Voyager alumni enjoy life outside of high school



  Even though school has only been in session a few weeks, things are in full swing at the Voyager. Editors are falling into their newly assigned positions, first-year staff reporters are working on writing their debut articles, and final decisions for layout are being made. 

   Maanasi Natarajan remembers this feeling all too well. At one point, it was her sitting in room 605 working as one of the editors-in-chief, calling the shots. 

  That was last year.

  Today, Natarajan has bigger things on her mind. She’s a freshman at American University in Washington, D.C. and is working on getting acclimated to college life. As a CLEG (communications, legal institutions, economics, and government) major, she spends most days going to classes, with her favorite being Intro to College Inquiry (a research-based class). 

   On Tuesdays and Fridays, she has an internship on Capitol Hill with Rosa DeLauro, a respresentative from Connecticut. “I really enjoy it, but also because it’s near the Washington Monument and stuff, after work sometimes I like to walk around and explore the city,” said Natarajan.

    It’s this type of city-life that attracted Natarajan to American University in the first place, and it’s evident in her voice that she adores her school. “I really like how everybody at my school is really politically active, and also, how everybody you meet has something they are really passionate about,” she said.

   Natarajan’s passion is communications, and her dream is to work on Capitol Hill in speech-writing. Working on The Voyager has largely contributed to her interest in communications. As an Opinion Editor and Editor-in-Chief, Natarajan spent time interviewing students, staff, and administration, as well as writing commentary about political and social issues. 

   Lauren Casole shares a similar passion. At The University of Florida, Casole is majoring in public relations. The J-School, where the public relations major is housed, is ranked #2 in the nation for PR, and was a massive pull factor for her.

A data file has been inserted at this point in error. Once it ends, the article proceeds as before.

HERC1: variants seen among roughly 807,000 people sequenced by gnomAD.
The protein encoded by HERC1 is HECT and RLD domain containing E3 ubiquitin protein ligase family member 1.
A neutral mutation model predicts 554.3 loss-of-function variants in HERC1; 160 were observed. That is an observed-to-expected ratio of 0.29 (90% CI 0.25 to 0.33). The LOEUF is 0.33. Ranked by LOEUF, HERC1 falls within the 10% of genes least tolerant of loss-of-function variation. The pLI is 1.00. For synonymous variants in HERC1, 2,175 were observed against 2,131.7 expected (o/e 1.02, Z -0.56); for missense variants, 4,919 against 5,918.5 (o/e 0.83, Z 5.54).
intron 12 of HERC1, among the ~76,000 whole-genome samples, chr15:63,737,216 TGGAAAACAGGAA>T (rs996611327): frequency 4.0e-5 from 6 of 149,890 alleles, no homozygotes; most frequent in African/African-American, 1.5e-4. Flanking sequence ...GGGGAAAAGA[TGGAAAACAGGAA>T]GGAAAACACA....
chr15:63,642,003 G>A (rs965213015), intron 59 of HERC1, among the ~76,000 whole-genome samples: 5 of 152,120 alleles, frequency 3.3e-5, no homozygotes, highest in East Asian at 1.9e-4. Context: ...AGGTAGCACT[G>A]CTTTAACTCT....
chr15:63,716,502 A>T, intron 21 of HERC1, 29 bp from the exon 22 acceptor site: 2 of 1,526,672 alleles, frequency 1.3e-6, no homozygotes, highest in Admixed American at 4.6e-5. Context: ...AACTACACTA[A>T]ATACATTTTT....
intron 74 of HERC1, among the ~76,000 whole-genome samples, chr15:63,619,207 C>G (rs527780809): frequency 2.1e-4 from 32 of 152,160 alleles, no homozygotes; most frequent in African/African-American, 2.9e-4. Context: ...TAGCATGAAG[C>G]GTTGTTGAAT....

“I chose PR because I knew that I liked writing and I liked journalism, but I also really like communicating with different types of people.” PR, Casole says, is a good mix of both of these strong skills she has.

   Other skills of hers include writing articles and essays, working with Adobe InDesign and Adobe Photoshop, helping to run The Voyager website, and handling the newspaper’s Twitter account. These are abilities bolstered by Casole’s experience at The Voyager that she hopes can land her the position as the director of communications for the Pan-Hellenic community, which oversees all sororities at the University of Florida.

   She just joined Alpha Chi Omega, a sorority on campus that keeps her busy with socials and new member meetings. 

   When she’s not caught up with Greek life, you can find her studying at the library,  practicing with her dance team, or just enjoying the beautiful Florida weather.

   Another Voyager alum going down the communications route is Srishti Ramesh. A former online Editor-in-Chief, Ramesh has decided to major in journalism at Temple University. 

   “The Voyager made a pretty big impact on me, and it was something I was really interested in compared to other aspects of school,”said Ramesh.

   Interacting with authority figures during her time on the newspaper staff has helped improve her communication skills, and is something she feels has been the most beneficial to her.

   Ramesh has learned a lot about herself in the short month that she’s been at school, including how she reacts to situations now that she’s living on her own. “The whole college experience is really enlightening,” she says. 

   She spends most of her day in and out of classes, but ending the night with dinner with friends makes everything more bearable.

   The advice offered by all three students is roughly the same: enjoy every moment of senior year and put as much time into the school paper as possible. Ramesh encourages that one should try to exceed their expectations at college.